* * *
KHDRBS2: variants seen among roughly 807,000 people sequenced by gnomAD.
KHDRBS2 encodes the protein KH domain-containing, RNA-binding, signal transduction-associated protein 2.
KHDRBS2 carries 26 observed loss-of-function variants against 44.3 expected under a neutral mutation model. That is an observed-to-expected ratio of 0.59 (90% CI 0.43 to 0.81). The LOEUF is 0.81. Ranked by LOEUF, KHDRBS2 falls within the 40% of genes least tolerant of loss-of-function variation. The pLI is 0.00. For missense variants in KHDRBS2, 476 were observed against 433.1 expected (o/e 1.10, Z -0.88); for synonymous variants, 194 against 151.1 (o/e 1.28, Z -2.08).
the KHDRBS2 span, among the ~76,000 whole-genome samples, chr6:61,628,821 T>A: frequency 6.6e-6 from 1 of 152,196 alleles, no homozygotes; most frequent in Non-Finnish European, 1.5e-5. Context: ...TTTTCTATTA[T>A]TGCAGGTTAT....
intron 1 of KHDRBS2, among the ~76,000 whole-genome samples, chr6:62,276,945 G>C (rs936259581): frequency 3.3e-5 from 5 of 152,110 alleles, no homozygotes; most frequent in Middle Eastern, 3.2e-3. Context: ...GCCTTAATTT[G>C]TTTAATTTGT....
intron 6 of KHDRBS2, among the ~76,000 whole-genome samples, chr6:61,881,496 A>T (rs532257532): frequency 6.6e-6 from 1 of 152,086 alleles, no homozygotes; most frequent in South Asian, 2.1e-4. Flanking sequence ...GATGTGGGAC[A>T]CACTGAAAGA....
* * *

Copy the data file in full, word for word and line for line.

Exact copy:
KHDRBS2: variants seen among roughly 807,000 people sequenced by gnomAD.
KHDRBS2 encodes the protein KH domain-containing, RNA-binding, signal transduction-associated protein 2.
KHDRBS2 carries 26 observed loss-of-function variants against 44.3 expected under a neutral mutation model. That is an observed-to-expected ratio of 0.59 (90% CI 0.43 to 0.81). The LOEUF is 0.81. Ranked by LOEUF, KHDRBS2 falls within the 40% of genes least tolerant of loss-of-function variation. The pLI is 0.00. For missense variants in KHDRBS2, 476 were observed against 433.1 expected (o/e 1.10, Z -0.88); for synonymous variants, 194 against 151.1 (o/e 1.28, Z -2.08).
the KHDRBS2 span, among the ~76,000 whole-genome samples, chr6:61,628,821 T>A: frequency 6.6e-6 from 1 of 152,196 alleles, no homozygotes; most frequent in Non-Finnish European, 1.5e-5. Context: ...TTTTCTATTA[T>A]TGCAGGTTAT....
intron 1 of KHDRBS2, among the ~76,000 whole-genome samples, chr6:62,276,945 G>C (rs936259581): frequency 3.3e-5 from 5 of 152,110 alleles, no homozygotes; most frequent in Middle Eastern, 3.2e-3. Context: ...GCCTTAATTT[G>C]TTTAATTTGT....
intron 6 of KHDRBS2, among the ~76,000 whole-genome samples, chr6:61,881,496 A>T (rs532257532): frequency 6.6e-6 from 1 of 152,086 alleles, no homozygotes; most frequent in South Asian, 2.1e-4. Flanking sequence ...GATGTGGGAC[A>T]CACTGAAAGA....